BY JOSH ROGERS | The cash-strapped South Street Seaport Museum is almost like the apple pie and motherhood of the Seaport development dispute: Everyone from community leaders to Howard Hughes Corp. to Mayor Bill de Blasio sings its praises.
So perhaps it’s not surprising that the museum’s plans, which it is pursuing separately from Hughes’ development project, have not been given as much attention even though they are central to the…choose your word: discussions, negotiations, arguments.
But, with each subsequent public meeting, Captain Jonathan Boulware, the museum’s interim president, has made it more and more clear where he is steering the ship.
The majestic Peking, perhaps the museum’s most recognizable vessel, appears likely to go away in an effort to put the museum on sound financial footing.
Boulware called the museum’s other big ship, the Wavertree, “our prize crown jewel queen of the fleet” at a Community Board 1 meeting last month, where he also said “Seeing more than one big square rigger is essential…It is not going to be I can tell you square riggers that are all owned by the Seaport Museum. We simply cannot sustain that much tonnage….
“We have a very urgent need to have a smaller fleet of ships, there are aspects of that that will not be popular, but the fact is there are some hard decisions ahead.”
Boulware did not confirm any plan to try and move the Peking during a telephone interview Wednesday, but he said the key is reducing the museum’s fleet to a level that is “sustainable and maintainable within any sort of reasonable budget.”
Peter Stanford, the museum’s founder, said “I think it’s a mistake” to try and sell the Peking.
Although the 1911 German ship was never a working vessel in New York City, next to the 1885 Wavertree, it helps show the history of ship building, Stanford said.
He no longer has official ties to the museum, but he has remained part of the conversation and praised Boulware’s overall stewardship since 2013, after what he described as bad management a few administrations back.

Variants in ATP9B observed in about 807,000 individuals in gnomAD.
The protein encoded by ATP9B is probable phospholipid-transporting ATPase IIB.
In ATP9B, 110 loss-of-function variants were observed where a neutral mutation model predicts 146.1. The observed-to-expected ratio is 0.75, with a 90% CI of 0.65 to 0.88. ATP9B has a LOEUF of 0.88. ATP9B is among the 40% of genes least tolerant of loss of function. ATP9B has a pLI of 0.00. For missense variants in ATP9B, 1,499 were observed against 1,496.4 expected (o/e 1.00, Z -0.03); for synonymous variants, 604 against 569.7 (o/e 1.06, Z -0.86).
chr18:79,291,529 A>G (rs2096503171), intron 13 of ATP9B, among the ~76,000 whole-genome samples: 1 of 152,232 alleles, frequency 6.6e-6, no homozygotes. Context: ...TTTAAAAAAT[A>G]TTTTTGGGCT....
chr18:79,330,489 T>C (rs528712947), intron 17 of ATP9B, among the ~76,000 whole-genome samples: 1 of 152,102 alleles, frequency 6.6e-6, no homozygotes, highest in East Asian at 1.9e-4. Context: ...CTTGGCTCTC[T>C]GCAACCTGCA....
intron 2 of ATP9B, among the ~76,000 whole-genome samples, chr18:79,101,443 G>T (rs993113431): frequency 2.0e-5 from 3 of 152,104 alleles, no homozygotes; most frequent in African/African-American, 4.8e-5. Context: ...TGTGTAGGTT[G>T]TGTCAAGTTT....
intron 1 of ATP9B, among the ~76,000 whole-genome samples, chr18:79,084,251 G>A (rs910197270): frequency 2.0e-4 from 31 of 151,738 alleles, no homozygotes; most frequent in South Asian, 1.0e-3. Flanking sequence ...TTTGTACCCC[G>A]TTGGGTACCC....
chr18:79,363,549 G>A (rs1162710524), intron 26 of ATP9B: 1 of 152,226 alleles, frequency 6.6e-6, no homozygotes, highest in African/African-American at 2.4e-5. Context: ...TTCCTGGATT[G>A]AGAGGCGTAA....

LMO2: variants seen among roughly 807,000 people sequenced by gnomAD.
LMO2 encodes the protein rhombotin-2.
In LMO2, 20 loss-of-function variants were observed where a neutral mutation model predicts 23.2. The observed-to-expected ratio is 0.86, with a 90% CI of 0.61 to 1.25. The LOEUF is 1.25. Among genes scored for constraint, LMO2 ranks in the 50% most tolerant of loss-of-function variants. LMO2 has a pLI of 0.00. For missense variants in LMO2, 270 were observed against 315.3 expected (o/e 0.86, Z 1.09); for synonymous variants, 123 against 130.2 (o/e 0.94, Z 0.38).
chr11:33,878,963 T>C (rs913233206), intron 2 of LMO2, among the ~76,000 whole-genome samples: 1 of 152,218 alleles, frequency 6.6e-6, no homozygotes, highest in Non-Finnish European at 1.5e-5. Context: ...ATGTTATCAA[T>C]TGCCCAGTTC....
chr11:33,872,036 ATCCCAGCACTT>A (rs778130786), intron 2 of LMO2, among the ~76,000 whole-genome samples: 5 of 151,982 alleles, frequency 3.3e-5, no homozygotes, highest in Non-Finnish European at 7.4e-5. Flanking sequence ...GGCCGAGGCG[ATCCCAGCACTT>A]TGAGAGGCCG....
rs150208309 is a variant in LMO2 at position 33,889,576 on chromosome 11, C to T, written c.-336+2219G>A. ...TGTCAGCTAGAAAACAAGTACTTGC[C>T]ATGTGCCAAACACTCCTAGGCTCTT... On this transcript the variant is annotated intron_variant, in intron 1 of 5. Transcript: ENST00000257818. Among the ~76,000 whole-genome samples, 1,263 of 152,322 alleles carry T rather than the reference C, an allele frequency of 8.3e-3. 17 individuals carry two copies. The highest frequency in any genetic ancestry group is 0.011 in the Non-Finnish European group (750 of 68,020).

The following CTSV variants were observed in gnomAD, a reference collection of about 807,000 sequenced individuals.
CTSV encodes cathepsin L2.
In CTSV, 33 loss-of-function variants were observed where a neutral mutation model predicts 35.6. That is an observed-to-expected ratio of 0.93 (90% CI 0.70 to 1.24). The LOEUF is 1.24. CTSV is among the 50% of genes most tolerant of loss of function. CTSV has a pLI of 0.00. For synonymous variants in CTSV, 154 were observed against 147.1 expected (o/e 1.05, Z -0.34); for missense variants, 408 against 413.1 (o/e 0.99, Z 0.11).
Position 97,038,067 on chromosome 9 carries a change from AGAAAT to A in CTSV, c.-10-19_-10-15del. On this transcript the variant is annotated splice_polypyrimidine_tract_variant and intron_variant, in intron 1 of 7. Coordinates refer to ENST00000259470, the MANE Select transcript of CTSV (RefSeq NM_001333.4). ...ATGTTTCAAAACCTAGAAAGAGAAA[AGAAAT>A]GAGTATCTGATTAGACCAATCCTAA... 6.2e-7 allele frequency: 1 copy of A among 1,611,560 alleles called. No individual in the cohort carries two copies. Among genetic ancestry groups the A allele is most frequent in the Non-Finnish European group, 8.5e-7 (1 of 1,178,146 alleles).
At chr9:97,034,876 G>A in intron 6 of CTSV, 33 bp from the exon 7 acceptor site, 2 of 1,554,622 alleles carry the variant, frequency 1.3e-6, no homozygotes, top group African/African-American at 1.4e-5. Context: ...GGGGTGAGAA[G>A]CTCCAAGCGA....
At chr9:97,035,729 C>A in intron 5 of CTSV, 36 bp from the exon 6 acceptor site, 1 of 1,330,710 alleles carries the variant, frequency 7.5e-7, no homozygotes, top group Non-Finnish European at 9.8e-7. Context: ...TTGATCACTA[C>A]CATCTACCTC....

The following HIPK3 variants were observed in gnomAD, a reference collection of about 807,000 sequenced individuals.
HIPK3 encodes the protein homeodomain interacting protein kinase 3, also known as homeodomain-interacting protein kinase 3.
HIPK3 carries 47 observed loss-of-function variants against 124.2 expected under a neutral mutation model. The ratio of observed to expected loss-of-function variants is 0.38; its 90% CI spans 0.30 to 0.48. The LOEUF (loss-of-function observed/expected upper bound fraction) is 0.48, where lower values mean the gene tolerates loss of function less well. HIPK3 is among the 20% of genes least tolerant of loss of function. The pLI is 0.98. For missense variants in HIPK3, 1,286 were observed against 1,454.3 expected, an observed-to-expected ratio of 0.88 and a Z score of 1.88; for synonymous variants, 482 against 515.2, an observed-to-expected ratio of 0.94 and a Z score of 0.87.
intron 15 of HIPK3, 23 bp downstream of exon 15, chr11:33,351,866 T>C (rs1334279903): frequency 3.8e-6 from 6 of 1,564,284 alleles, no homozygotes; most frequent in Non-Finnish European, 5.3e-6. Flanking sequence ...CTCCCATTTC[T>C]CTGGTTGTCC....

He said New York City, which owns the museum’s exhibition and docking areas, has always believed “the myth” that the vessels are a financial drain.
“The ships make money,” Stanford told Downtown Express this week. “They’ve got followers who believe in them.”
“They don’t know how to do it,” Stanford said of the city’s ability to fundraise. “They don’t know how to go to sailors. They are doing a cultural thing and they don’t speak the language.”
Stanford acknowledged it is unrealistic to bring the Peking back to seaworthiness — guesstimates for that begin at $30 million — but he thinks the ship could remain in the water at a relatively low cost if it was sealed with concrete.
Built in Hamburg over a century ago, the four -masted ship was used in the nitrate trade, and famously sailed through a hurricane in a 1929 film “Around Cape Horn.” She came to the Seaport in 1975.
Captain Brian McCallister, chairperson of McCallister Towing and a longtime supporter of the museum, said the Seaport can’t realistically keep the Peking, but the museum probably won’t get much money for it either.
“They tried to sell it for $7 million, then $2 million and who knows what, but no one seemed to want it,” he told Downtown Express.
Indeed, several efforts to sell the ship over the last 15 years or so have fallen through. McCallister said the city has to do more for the museum.